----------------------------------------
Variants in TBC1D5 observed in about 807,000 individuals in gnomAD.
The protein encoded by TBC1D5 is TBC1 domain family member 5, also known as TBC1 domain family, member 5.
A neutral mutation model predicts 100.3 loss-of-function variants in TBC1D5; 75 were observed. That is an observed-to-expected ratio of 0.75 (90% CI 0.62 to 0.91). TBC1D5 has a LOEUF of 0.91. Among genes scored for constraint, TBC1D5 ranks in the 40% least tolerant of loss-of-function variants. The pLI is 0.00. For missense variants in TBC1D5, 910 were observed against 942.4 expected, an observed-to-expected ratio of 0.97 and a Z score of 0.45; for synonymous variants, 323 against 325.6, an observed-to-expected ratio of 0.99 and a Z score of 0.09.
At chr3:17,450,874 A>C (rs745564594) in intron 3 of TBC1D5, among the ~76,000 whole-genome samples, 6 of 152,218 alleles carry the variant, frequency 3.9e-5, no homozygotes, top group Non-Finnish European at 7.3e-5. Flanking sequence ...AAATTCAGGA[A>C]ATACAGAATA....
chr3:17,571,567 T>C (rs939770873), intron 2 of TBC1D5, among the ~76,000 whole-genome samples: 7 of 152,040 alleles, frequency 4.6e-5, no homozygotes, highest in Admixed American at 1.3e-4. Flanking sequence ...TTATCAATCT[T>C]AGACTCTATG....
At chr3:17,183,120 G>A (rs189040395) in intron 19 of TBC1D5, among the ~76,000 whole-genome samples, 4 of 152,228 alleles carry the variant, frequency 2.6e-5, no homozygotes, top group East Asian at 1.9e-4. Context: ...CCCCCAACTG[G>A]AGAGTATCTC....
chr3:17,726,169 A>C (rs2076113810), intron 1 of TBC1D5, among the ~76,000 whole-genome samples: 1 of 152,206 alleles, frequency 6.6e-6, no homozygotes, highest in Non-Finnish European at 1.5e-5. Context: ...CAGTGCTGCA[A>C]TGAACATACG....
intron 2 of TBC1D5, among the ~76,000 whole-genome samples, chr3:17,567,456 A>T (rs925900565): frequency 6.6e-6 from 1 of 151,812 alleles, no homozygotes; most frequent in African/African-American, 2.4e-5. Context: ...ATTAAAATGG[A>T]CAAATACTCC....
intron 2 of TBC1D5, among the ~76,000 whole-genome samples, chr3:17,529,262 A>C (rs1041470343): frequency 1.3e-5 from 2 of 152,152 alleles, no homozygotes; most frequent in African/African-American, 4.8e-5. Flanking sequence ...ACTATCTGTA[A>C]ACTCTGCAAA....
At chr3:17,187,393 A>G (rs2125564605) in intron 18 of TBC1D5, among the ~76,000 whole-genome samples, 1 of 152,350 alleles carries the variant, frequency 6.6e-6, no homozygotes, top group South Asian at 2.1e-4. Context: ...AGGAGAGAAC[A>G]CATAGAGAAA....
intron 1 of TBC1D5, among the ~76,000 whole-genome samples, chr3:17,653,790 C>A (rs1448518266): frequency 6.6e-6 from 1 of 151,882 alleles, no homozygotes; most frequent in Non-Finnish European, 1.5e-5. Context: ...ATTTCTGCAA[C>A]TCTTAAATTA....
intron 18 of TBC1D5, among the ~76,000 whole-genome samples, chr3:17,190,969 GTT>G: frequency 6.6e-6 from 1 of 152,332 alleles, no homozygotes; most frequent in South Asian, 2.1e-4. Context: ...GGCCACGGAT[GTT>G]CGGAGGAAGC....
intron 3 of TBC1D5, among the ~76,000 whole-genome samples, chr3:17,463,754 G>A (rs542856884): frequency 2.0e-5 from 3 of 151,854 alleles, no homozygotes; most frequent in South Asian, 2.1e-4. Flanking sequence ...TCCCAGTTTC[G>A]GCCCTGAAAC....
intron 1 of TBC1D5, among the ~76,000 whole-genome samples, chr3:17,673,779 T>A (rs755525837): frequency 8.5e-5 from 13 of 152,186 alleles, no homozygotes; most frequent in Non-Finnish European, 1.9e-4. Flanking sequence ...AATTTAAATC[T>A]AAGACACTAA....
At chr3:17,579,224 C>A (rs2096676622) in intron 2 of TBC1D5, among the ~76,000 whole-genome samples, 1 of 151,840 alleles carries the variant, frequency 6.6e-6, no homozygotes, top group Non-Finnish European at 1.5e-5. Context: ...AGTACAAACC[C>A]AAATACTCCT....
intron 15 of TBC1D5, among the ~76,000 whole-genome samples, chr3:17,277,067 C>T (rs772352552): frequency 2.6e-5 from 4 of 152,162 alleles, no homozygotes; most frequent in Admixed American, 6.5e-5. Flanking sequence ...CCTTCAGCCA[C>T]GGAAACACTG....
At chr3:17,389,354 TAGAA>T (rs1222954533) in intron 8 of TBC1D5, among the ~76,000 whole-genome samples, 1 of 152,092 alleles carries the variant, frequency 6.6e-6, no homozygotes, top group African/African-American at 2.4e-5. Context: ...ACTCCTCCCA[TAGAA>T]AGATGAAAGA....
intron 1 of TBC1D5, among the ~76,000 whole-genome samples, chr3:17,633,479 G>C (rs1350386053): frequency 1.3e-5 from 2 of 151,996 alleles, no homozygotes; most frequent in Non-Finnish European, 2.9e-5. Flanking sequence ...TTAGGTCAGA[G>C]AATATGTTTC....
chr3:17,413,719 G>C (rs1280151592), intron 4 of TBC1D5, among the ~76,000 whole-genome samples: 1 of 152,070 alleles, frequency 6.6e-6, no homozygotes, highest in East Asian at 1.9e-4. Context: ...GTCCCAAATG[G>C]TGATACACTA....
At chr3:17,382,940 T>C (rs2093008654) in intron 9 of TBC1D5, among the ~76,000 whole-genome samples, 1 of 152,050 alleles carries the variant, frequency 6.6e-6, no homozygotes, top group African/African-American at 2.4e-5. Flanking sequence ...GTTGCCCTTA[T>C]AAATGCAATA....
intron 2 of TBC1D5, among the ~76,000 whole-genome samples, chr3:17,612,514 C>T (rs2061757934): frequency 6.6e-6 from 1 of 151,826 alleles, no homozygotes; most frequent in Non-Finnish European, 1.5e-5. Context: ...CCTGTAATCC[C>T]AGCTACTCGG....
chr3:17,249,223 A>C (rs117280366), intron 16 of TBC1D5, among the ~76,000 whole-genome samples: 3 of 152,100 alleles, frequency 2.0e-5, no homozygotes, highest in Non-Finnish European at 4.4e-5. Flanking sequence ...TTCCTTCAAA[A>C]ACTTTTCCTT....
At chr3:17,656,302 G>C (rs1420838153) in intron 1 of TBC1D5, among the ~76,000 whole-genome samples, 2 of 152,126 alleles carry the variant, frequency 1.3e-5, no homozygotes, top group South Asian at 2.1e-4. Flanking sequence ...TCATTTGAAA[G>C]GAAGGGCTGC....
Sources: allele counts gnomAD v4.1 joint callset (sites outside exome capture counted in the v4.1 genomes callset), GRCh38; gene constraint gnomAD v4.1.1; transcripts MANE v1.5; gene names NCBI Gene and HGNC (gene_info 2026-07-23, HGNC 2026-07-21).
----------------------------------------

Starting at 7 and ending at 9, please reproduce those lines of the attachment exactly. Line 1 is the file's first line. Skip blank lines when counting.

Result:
chr3:17,726,169 A>C (rs2076113810), intron 1 of TBC1D5, among the ~76,000 whole-genome samples: 1 of 152,206 alleles, frequency 6.6e-6, no homozygotes, highest in Non-Finnish European at 1.5e-5. Context: ...CAGTGCTGCA[A>C]TGAACATACG....
intron 2 of TBC1D5, among the ~76,000 whole-genome samples, chr3:17,567,456 A>T (rs925900565): frequency 6.6e-6 from 1 of 151,812 alleles, no homozygotes; most frequent in African/African-American, 2.4e-5. Context: ...ATTAAAATGG[A>T]CAAATACTCC....
intron 2 of TBC1D5, among the ~76,000 whole-genome samples, chr3:17,529,262 A>C (rs1041470343): frequency 1.3e-5 from 2 of 152,152 alleles, no homozygotes; most frequent in African/African-American, 4.8e-5. Flanking sequence ...ACTATCTGTA[A>C]ACTCTGCAAA....